- Society for Promoting Christian Knowledge
- The Society for Promoting Christian Knowledge was one of the earliest Christian publishing ventures. It has played a major role in the spread of Protestant values in Britain, North America, and the missionary field.In 1696, the bishop of London appointed Rev. Thomas Bray, a priest of the Church of England and author of a book of catechetical lectures, as an assistant (commissary) to survey the needs of the church in the American colonies. During the next several years, Bray began the process of recruiting ministers to serve in America. The effort broadened his preexisting concern for religious education. He found that the young ministers who were willing to relocate to the colonies lacked the resources needed for such pioneering ministry. Bray was also concerned about another issue - the vice and immorality that many believed was afflicting society, and which he attributed to ignorance of Christianity.Bray proposed a comprehensive plan for public education to meet both needs. For those young ministers willing to take up a post in the American or Caribbean colonies, he proposed outfitting them with a set of basic books. To counteract vice, he proposed setting up libraries in every area served by the church, in both England and America. In 1698, he presented his idea to a small group of laymen shortly before traveling to Maryland, and together they founded the Society for Promoting Christian Knowledge (SPCK).To meet its evolving goals, SPCK began publishing religious books, pamphlets, and tracts, soon emerging as the largest religious publishing house in England. To underwrite and distribute its publications, SPCK enlisted corresponding members, who would be sent packages of publications to sell or distribute. As their numbers grew, corresponding members formed district committees and established small book depots, some 400 in England alone in the 19th century. SPCK consciously strove to print a wide variety of texts on a range of subjects by many different authors.Bray's libraries gave clergy and lay leaders access to the books they needed for parish work. Up until the American Revolution, SPCK shipped books to the American colonies to nurture the substantial network of libraries they had created, but even at the start its concern extended to other parts of the world; in 1709, it sent a printing press and a printer to Tranquebar in east India to support the work of the pioneering Danish-Halle Mission.As the British expanded their colonial system, sPCK assumed a support role for the missionaries sent out by the Society for the Propagation of the Gospel in Foreign Parts and the Church Missionary Society, by raising funds for church buildings, schools, and theological training colleges. It also recruited the chaplains who settled on the ships carrying personnel to the colonies. To this day, the group supports seminary libraries in Anglican jurisdictions worldwide, and supplies a start-up selection of books for their newly ordained Anglican priests.The far-flung activities of SPCK have been transformed by the development of autonomous Anglican churches around the world. Among the new activities is a program in indigenous communication. SPCK has allocated funds to help set up publishing houses around the world, so that writers and theologians can publish locally, thus freeing them from their dependence on theological perspectives imported from Europe and North America, and promoting their participation in developing world perspectives on the faith.As the 21st century begins, SPCK publishes under five imprints, and keeps more than 500 titles in print at any one time. Over the three centuries of its existence, it has published in excess of 30,000 titles. Included are translations of the Book of Common Prayer in more than 200 languages and dialects. SPCK Worldwide appraises the needs of the world Anglican Communion and annually makes grants that promote the education of Anglican clergy, the improvement of worship life, and communication of the Gospel.SPCK is headquartered in London, England.Further reading:■ Society for Promoting Christian Knowledge. Available online. URL: http://www.spck. org.uk■ William O. Allen, Two Hundred Years: The History of the Society for Promoting Christian Knowledge, 1698-1898 (New York: Burt Franklin, 1971)■ William D. Houlette, "Parish Libraries and the Work of the Reverend Thomas Bray," Library Quarterly 4 (October 1934): 588-609■ Bernard C. Steiner, "The Reverent Thomas Bray and his American Libraries," American Historical Review 2 (1896-97): 59-75■ Henry P. Thompson, Thomas Bray (London: SPCK, 1954).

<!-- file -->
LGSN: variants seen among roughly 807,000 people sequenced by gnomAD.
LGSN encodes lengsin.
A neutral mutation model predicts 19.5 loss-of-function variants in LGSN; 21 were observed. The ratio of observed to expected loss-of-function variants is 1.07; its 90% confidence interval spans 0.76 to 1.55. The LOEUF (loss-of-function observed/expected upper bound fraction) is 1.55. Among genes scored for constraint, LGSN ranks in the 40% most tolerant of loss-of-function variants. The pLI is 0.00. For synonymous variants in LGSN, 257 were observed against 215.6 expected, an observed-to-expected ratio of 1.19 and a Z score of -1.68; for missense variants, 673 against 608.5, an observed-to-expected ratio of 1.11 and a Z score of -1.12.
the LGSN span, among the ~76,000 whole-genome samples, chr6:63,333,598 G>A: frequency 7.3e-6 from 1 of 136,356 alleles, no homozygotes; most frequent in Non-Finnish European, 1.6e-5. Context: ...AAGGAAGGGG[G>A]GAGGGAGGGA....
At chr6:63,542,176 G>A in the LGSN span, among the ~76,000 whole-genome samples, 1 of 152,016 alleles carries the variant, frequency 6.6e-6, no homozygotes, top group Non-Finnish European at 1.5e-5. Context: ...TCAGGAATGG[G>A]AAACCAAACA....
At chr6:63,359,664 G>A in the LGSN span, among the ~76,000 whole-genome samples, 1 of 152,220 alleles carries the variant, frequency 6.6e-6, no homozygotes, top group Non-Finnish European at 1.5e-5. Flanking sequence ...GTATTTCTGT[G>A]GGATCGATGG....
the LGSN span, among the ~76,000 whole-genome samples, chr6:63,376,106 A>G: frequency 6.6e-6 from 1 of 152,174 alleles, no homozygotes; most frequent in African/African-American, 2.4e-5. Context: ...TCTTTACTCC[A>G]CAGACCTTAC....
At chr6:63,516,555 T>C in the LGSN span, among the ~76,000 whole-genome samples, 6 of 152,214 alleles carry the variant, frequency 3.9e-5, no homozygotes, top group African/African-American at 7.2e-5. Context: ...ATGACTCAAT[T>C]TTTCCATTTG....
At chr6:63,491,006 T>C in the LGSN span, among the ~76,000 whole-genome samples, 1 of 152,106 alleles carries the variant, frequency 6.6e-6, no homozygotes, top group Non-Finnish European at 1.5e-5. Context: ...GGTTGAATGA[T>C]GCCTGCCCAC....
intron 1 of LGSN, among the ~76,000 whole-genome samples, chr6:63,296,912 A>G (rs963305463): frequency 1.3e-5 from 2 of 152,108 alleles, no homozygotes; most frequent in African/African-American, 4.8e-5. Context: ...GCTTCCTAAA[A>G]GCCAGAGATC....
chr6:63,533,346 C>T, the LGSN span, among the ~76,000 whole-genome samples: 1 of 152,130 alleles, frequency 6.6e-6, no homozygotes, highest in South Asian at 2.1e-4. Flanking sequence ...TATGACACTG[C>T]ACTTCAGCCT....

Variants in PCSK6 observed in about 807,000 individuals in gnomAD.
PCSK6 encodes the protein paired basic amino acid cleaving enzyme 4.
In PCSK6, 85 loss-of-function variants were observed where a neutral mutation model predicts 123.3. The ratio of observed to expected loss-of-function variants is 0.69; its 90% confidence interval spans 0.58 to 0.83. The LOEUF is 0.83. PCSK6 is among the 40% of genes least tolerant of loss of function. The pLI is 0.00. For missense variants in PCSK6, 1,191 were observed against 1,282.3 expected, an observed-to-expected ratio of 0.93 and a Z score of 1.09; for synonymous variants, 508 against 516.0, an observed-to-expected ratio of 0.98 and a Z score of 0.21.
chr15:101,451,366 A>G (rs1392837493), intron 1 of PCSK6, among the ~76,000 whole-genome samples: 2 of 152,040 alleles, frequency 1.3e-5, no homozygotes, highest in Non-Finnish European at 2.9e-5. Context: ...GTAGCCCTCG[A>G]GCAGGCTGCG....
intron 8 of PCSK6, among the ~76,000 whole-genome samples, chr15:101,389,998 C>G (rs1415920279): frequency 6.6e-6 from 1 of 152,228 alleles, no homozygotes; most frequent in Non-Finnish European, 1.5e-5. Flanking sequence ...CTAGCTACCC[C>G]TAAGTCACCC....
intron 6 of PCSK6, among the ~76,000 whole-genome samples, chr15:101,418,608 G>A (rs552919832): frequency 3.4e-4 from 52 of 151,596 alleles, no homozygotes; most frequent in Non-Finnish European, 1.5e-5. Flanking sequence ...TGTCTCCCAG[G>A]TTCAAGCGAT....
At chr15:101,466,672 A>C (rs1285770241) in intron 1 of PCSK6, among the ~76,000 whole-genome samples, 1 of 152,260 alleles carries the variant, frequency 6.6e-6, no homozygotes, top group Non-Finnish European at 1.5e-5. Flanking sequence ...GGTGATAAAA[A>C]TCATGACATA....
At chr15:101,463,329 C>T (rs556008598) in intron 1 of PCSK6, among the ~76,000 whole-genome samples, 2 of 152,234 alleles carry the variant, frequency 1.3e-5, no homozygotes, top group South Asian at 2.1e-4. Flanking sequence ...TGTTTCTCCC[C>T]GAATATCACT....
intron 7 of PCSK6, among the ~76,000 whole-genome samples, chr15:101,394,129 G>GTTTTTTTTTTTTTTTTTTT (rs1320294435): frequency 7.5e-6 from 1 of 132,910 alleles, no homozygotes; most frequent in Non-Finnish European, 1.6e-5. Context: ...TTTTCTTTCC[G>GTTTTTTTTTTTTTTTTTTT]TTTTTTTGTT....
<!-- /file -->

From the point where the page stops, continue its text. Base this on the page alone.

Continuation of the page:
Encyclopedia of Protestantism. Gordon Melton. 2005.